Vintage Britannia

One of the most popular trends on the high street at the moment is the Union Jack. It appears everywhere, on bags, duvet covers, mugs, hot water bottles and even fridges! Our Autumn/Winter collection last year featured a selection of Retro Union Jack products but this year we’ve decided to go all out and give this ever-growing trend our very own twist. Say hello to Vintage Britannia!

Influenced by Victorian Britishness, the collection features a wonderful selection of products with inspirational phrases such as ‘Where there is hope there is tea’ and ‘Happy and Glorious’. The all important Union Jack has been aged to give it a vintage feel and Victorian roses and scrolling, crowns, tartan, and tassles add extra detailing.

Expect to see a wide variety of products appear in the shops and on the website over the Spring/Summer period. Items such as tea strainers, tea cosies, aprons and crockery for the kitchen, cushions, wall hangings, doorstops, photoframes and clocks for the home and keyrings, jewellery, scarves and bags for yourself.

Keep checking the Vintage Britannia collection online to see all the new products arriving or sign-up to our email newsletters to keep up-to-date with all our new ranges for Spring/Summer 2010.

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Art Deco – 1910 – 1939

The Art Deco movement emerged at the tail end of the Edwardian period and lasted right up to the end of the 1930s, although its height of popularity was during the The Jazz Age of the 1920s. Its style was a reaction to the previously popular Art Nouveau movement which was highly influenced by nature and had a distinctive style of sinuous, elongated and curvy lines. Motifs of flowers, leaves and birds were extremely stylized and female figures were painted in curved poses with long, flowing hair and costumes. Colours were subdued and pastel and materials were soft and pliable.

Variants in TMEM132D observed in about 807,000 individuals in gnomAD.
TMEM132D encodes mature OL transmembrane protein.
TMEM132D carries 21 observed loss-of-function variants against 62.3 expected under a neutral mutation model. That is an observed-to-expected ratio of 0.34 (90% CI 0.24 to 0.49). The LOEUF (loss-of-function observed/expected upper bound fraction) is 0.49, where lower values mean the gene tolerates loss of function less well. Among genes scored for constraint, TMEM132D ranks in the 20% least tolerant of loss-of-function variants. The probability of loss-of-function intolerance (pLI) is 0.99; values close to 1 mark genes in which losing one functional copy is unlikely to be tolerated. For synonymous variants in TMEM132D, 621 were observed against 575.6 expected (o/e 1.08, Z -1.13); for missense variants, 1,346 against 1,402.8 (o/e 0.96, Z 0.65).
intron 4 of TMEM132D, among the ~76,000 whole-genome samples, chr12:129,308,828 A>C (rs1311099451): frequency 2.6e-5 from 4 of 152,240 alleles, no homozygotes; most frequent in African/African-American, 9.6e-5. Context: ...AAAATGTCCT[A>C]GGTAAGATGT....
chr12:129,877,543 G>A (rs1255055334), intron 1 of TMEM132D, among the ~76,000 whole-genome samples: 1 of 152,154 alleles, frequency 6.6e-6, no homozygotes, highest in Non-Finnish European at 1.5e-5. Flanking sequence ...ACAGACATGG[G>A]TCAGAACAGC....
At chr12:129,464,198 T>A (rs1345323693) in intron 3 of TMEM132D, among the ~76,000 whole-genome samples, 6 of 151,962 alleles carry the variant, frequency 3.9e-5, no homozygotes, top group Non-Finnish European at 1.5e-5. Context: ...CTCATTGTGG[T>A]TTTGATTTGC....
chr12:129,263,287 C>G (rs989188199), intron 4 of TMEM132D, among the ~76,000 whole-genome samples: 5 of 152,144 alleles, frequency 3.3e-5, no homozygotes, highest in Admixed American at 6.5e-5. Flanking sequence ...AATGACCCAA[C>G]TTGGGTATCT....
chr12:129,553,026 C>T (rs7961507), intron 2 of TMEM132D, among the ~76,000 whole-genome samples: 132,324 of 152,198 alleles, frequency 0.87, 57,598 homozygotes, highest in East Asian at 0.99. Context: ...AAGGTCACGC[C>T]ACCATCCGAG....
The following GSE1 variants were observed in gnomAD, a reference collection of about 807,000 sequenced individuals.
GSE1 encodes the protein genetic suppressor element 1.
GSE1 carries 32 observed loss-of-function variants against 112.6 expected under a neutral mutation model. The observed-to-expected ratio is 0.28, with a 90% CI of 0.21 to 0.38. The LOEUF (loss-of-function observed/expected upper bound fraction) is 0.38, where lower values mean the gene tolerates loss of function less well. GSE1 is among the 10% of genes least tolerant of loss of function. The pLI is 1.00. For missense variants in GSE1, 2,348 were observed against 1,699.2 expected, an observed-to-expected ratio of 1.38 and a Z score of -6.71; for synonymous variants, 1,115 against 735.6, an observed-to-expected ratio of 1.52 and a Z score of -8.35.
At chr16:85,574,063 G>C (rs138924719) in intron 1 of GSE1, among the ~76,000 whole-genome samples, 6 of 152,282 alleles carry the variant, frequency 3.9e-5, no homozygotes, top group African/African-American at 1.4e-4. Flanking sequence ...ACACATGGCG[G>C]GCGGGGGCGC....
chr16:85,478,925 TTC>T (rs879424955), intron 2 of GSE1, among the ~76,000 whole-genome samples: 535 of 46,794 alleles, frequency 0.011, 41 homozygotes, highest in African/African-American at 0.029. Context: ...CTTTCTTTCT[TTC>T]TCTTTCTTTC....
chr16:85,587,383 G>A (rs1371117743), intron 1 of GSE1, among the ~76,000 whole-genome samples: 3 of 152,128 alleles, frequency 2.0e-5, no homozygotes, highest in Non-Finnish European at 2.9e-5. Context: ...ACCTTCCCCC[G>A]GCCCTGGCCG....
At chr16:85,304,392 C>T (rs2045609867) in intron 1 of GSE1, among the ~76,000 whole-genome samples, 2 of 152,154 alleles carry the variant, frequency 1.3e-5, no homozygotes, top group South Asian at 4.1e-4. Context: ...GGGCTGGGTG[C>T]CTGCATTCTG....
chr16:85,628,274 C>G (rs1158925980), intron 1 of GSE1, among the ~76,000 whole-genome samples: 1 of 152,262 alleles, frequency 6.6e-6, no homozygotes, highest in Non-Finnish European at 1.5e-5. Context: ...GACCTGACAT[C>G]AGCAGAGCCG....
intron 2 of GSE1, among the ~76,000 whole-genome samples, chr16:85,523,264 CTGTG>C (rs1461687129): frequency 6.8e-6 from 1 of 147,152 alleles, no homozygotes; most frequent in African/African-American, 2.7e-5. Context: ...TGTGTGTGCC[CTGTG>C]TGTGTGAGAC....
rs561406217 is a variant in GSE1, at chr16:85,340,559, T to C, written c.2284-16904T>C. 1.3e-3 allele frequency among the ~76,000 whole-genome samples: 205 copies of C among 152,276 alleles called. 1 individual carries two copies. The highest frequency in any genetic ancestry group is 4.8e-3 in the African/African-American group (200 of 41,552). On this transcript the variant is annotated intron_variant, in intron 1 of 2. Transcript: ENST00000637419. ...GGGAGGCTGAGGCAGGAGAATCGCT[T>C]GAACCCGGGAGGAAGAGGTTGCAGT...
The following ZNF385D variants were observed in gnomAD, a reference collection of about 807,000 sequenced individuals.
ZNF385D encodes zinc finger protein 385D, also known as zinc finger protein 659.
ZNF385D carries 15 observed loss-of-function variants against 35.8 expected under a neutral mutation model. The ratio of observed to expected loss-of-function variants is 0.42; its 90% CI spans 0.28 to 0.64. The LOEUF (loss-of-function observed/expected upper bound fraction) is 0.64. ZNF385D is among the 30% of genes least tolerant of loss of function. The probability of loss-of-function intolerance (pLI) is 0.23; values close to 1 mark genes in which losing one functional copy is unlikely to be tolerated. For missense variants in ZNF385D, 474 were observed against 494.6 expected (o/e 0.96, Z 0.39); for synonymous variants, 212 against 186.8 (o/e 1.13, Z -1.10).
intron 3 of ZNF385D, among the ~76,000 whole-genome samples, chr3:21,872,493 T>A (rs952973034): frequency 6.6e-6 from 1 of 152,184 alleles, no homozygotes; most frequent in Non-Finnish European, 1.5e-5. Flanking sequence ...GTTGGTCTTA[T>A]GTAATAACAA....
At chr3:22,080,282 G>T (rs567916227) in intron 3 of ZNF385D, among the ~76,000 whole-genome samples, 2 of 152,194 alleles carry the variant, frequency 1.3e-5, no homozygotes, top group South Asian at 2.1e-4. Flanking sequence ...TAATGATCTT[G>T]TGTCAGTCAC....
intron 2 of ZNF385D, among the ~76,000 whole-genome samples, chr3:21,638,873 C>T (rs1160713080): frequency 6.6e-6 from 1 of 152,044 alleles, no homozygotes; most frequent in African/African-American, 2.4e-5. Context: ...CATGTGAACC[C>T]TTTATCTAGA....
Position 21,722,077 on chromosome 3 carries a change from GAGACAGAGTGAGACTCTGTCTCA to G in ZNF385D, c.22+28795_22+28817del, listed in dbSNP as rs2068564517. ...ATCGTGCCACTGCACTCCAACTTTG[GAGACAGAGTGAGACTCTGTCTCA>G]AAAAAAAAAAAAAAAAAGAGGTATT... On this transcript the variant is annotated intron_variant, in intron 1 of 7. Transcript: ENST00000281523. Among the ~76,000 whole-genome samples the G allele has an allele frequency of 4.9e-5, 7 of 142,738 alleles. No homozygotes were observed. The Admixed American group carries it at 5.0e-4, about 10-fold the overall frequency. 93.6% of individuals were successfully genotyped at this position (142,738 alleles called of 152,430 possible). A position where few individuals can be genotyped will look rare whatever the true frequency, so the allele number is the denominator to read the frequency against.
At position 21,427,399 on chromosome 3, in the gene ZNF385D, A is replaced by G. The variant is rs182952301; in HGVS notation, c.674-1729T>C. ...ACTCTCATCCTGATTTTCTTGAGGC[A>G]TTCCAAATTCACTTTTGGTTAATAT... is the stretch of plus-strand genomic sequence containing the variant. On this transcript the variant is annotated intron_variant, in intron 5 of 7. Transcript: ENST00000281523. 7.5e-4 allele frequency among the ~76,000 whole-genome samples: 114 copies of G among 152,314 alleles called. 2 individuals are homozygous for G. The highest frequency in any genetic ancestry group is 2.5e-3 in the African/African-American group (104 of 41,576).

Art Deco rebelled against all these features and exploded with sharp, angular lines, geometric patterns, hard materials such as marble, bakelite & chrome metal and rich opulent colours of black, gold & silver. Motifs were inspired by the modern world of the day. Travelling to far off countries, industry and the surge in graphic design all influenced motifs such as Egyptian cats, chevrons, sunbursts, methods of transport such as the ocean liner and machinery.

The period between the end of WWI in 1918 and the Great Depression that began in 1929 was the hey-day of the hedonistic Deco period. Although the effects and influences were felt across the world, America was the country that prospered greatly during this time due to the expansion of the mass consumer industry. Cars, refrigerators, radios, cookers and telephones were all available to everyone for the first time, not just the rich. Food was plentiful due to the vast quantity produced on American farms. The general public was encouraged to buy their own homes and spend their money on things that were previously considered luxury items by the huge rise in advertising.

This upturn in the economic state lead to the increase in disposable income, which in turn lead to the extensive interest in leisure time activities. Theatres, “speakeasies” (secret, illegal bars), music halls and radio stations all sprang up to entertain the masses. This was further enhanced by the introduction of thousands of black and white silent films produced in Hollywood and shown in new built Deco style cinemas. The first “talkie”, The Jazz Singer, opened in 1928 and the age of cinema was here to stay.

Influences of the era

In 1922 the Tomb of King Tutankhamun was discovered and the influence of Egyptian artifacts and motifs became very apparent throughout interiors, jewellery, glass and art.

In 1923 the Charleston dance became hugely popular among the young flappers and this greatly influenced the dresses worn during this time. The addition of fringing and beading exaggerated the movements of the dance steps.

In 1926 Coco Chanel introduced the iconic “little black dress”. Chanel was incredibly successful during the 1910s & 20s and built a business that started as a simple hat shop to having her own range of perfumes, designing costumes for theatre & movie productions and of course being credited with her signature styles such as the Chanel jacket.

Artists & Designers

Tamara de Lempicka – Artist
Pablo Picasso – Artist
Robert & Sonia Delaunay – Artists, costume & textile designers
Madeleine Vionnet – Fashion designer
Erté (born Romain de Tirtoff) – Fashion & stage designer
Robert and Sonia Delaunay – Artists, costume & textile designers
A.M. Cassandre – Graphic designer
Rene Lalique – Designer
Walter Gropius – Founder of Bauhaus & architect

Iconic Architecture

Chrysler Building – New York, USA
The Empire State – New York, USA
Eltham Palace – Greenwich, London, UK
London Transport HQ – St James’, London, UK
Fagus Works – Alfeld an der Leine, Germany
The Hoover Building – Perivale, Middlesex, UK

Art Deco at Past Times

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